What is best for a young football player's development? Is it better to sit on the bench at a club like Barcelona, making fleeting appearances when your side is already four goals up in the second half and starting the occasional home game against perceived cannon fodder, or to play regular football for a more modest club?
That was the question posed to Barcelona and Alen Halilovic at the start of the season. Barca B had been relegated from the second tier of Spanish football and the teenager, who has been tritely nicknamed the Croatian Messi, was deemed far too good to waste 12 months of a promising career playing in the depths of the regionalised third division.
So, as his teammates dropped down from the Segunda, he headed in the opposite direction, to the Primera. With the benefit of having one of Luis Enrique's friends and former Barcelona player Abelardo Fernandez in charge, Sporting Gijon was his destination. There, Halilovic linked up with one of the youngest teams in the Spanish top flight -- los guajes, the kids.
Now, as he approaches the second anniversary of his arrival in the Catalan capital this summer, the 19-year-old and Barcelona are about to be asked the same question again: what is best for a young football player's development?
Halilovic, speaking after playing against the Blaugrana for Sporting last weekend, knows what he hopes the answer is: "Now it's too soon to speak with Barca, because there are still three games left and my priority is to keep Sporting safe [from relegation], but I want to return to Barca."
Zoran Stojadinovic, the player's agent, is towing a similar line. "If you ask me for my opinion, I would prefer Halilovic to be Barca's 12th man than a starter at another club," he said when asked about what comes next last week. "We chose Barcelona because he wanted to be a Barca player and if he has the chance to stay, regardless how much money Manchester City and Manchester United come with, he will stay for much less."
However, things may not work out in the manner that the attacking midfielder and his agent are clearly lobbying for. Rafinha, Arda Turan and Sergi Roberto are three players who would presumably be ahead of Halilovic in the midfield pecking order if he does manage to find a place in the first-team squad next season. That's not including the habitual Ivan Rakitic, Sergio Busquets and Andres Iniesta. Then there's the constant noise that Denis Suarez will be brought back from Villarreal, too.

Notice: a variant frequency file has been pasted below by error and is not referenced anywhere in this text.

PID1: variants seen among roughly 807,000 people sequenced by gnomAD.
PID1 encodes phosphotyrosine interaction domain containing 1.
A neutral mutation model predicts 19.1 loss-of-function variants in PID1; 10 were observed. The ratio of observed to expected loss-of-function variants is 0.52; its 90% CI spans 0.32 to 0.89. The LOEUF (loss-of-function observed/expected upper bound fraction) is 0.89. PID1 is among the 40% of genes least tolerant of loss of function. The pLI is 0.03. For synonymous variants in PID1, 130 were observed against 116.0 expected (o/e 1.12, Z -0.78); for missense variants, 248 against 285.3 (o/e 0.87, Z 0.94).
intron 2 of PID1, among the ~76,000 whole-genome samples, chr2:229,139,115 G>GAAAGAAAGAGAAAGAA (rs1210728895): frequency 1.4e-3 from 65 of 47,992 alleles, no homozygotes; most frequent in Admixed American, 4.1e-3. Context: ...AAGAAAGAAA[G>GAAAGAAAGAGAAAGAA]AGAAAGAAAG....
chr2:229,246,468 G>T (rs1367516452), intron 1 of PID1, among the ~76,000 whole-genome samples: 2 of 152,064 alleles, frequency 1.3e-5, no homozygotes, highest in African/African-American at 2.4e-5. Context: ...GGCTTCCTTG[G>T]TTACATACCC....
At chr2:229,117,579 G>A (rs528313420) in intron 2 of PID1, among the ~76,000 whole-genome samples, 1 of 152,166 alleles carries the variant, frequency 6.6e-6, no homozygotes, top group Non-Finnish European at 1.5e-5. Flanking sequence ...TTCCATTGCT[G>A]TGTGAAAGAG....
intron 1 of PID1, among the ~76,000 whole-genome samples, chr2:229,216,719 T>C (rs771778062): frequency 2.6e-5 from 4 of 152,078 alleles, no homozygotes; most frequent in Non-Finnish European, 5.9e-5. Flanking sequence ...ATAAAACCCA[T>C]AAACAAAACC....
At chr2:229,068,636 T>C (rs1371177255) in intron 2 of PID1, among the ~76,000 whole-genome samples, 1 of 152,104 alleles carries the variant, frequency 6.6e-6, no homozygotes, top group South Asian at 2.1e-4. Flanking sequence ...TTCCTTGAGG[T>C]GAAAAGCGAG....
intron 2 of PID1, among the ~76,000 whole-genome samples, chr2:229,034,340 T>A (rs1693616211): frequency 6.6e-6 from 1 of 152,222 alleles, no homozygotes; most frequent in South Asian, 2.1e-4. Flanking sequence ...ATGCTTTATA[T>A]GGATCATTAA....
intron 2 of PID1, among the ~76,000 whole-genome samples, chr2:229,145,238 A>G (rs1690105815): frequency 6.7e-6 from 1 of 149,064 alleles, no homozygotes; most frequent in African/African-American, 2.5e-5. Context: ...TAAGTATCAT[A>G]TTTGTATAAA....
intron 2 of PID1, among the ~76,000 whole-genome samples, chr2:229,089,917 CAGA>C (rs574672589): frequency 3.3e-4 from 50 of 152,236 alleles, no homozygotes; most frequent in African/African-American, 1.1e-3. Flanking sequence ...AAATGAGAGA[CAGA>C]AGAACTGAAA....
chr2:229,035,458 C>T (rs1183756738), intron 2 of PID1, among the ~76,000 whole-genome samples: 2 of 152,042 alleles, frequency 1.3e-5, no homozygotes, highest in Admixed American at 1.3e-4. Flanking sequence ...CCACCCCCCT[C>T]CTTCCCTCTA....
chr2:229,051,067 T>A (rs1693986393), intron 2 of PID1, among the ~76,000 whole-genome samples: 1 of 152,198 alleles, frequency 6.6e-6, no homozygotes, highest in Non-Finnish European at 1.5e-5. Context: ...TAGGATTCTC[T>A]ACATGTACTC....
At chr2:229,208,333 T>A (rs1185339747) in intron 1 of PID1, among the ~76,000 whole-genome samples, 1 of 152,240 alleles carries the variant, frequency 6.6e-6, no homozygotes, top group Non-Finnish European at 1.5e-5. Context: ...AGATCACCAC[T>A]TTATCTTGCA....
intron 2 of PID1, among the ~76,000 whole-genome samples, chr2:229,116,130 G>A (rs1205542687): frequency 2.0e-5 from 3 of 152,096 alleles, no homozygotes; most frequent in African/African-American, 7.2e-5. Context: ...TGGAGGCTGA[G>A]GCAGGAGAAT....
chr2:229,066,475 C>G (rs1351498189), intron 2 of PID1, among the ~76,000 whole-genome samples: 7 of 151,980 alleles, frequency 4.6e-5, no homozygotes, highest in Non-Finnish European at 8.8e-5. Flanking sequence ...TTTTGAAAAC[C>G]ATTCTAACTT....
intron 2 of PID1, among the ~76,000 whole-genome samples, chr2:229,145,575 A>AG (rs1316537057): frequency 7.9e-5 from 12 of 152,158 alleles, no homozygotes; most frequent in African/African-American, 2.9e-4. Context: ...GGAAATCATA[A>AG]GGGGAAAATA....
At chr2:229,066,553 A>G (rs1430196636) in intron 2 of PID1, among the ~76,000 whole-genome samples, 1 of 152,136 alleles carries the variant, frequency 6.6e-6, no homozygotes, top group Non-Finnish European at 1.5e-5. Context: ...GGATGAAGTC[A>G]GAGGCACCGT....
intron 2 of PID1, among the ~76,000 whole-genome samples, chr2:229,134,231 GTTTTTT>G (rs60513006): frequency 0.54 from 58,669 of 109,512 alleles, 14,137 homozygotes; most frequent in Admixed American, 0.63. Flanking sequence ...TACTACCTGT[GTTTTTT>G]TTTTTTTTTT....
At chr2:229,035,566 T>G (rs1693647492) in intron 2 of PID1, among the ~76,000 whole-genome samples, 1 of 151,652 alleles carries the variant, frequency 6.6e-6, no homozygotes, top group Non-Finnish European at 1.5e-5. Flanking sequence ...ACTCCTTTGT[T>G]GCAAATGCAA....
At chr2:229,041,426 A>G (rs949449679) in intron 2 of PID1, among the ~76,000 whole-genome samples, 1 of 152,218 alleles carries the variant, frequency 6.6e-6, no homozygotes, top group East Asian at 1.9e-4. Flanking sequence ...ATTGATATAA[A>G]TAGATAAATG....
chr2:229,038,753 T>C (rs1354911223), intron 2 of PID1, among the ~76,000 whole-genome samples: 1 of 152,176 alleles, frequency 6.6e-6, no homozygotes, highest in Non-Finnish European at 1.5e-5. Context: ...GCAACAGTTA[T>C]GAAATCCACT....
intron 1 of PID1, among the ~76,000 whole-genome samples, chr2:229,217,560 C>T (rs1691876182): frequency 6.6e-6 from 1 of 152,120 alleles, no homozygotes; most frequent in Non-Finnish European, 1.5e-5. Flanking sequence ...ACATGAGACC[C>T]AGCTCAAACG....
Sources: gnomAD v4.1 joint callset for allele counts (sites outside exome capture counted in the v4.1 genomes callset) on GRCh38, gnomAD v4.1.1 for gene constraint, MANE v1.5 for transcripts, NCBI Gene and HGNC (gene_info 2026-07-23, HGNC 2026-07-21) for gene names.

Looking at that list, Halilovic would struggle to be Barcelona's 12th man -- he would also be an attacking option, too, but displacing Lionel Messi, Neymar and Luis Suarez would be the tallest of orders -- although not for a lack of talent.
He has had more than his share of plaudits this season at El Molinon. From his stunning strike in the win over Espanyol to a match-winning performance against Malaga and a brace in the Copa del Rey against Real Betis, he's clearly a player who, if he keeps his feet on the ground, has a bright future.
However, he doesn't turn 20 until June, when he's likely to be with the Croatia squad at this summer's European Championship. Since the explosion of Pedro and Sergio Busquets under Pep Guardiola, Barca's willingness to take a punt on younger players has lessened. Sergi Samper has still not made the leap many had him pencilled in for years ago, while Marc Bartra and Sergi Roberto -- until this season at least -- have played bit parts.
Meanwhile, Denis Suarez, Gerard Deulofeu, Cristian Tello and Martin Montoya are among those to have left Camp Nou in search of more minutes, frustrated at their lack of duties. Bar, perhaps, the former, none have yet proved Barca were wrong to sideline them, mind.
Of course, it depends on each player. He may still be a teenager, but Halilovic is head-and-shoulders above the majority of his contemporaries. Is he Barca standard, though?
Having experienced a dip in form during the second half of the season, the suggestion is possibly not; that he still has some maturing to do. Prior to Sporting's last two matches, he had made six of his previous seven appearances from the bench. "If you don't train well, you don't play," Abelardo hinted at the time.
The answer to the question, therefore, seems to be leaning toward a move to another club -- one in the middle of Barca and Sporting. Valencia is the name that is not going away and one that would make sense in terms of bridging the gap between where he is now and where he wants to be, which is a regular fixture in the Barca first team.
And the suggestion from El Mundo Deportivo is that he could be sold, not loaned, to Mestalla. Of course, there is, as always, a caveat. Barca would not let a player of Halilovic's caliber leave without a buy-back clause. The Catalan daily refers to it as 'The Denis Suarez Formula'.
In selling Halilovic, Barca receive some money that would allow them to invest in improving other areas of the squad this summer, such as defence, while also shifting him from the wage bill. At a time when every penny counts, it would free up some space for the new contracts they've promised Neymar and Sergio Busquets, and they'd maintain the right to re-sign Halilovic for a fixed price in the future.
For the player, he could take the next step in a career that may still be destined for Camp Nou stardom. Barca B, Sporting, Valencia, Barca? It's not definitely the answer to the question, but it looks like the most sensible option on the table at the moment.